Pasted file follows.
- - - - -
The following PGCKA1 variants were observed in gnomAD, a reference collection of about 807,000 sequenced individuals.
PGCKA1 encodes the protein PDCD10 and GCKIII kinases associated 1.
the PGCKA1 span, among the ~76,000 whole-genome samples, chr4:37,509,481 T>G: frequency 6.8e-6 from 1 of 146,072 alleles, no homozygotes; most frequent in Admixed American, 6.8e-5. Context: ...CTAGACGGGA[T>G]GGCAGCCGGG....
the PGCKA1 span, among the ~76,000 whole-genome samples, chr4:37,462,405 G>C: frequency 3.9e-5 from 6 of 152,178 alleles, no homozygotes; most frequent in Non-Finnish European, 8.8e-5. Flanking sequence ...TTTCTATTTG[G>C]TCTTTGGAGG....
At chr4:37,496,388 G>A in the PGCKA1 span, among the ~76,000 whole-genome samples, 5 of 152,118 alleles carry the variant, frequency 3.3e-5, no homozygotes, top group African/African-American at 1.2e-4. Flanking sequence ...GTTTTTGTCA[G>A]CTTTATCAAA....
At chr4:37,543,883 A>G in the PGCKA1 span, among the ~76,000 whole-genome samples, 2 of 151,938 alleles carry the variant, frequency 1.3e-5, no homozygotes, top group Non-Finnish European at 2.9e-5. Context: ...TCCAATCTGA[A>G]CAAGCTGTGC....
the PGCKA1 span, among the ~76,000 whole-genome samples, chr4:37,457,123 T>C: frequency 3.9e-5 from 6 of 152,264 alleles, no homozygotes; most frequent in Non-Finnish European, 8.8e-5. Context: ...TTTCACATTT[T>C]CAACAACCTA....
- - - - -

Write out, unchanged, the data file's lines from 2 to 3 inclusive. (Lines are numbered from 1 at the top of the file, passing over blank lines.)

PGCKA1 encodes the protein PDCD10 and GCKIII kinases associated 1.
the PGCKA1 span, among the ~76,000 whole-genome samples, chr4:37,509,481 T>G: frequency 6.8e-6 from 1 of 146,072 alleles, no homozygotes; most frequent in Admixed American, 6.8e-5. Context: ...CTAGACGGGA[T>G]GGCAGCCGGG....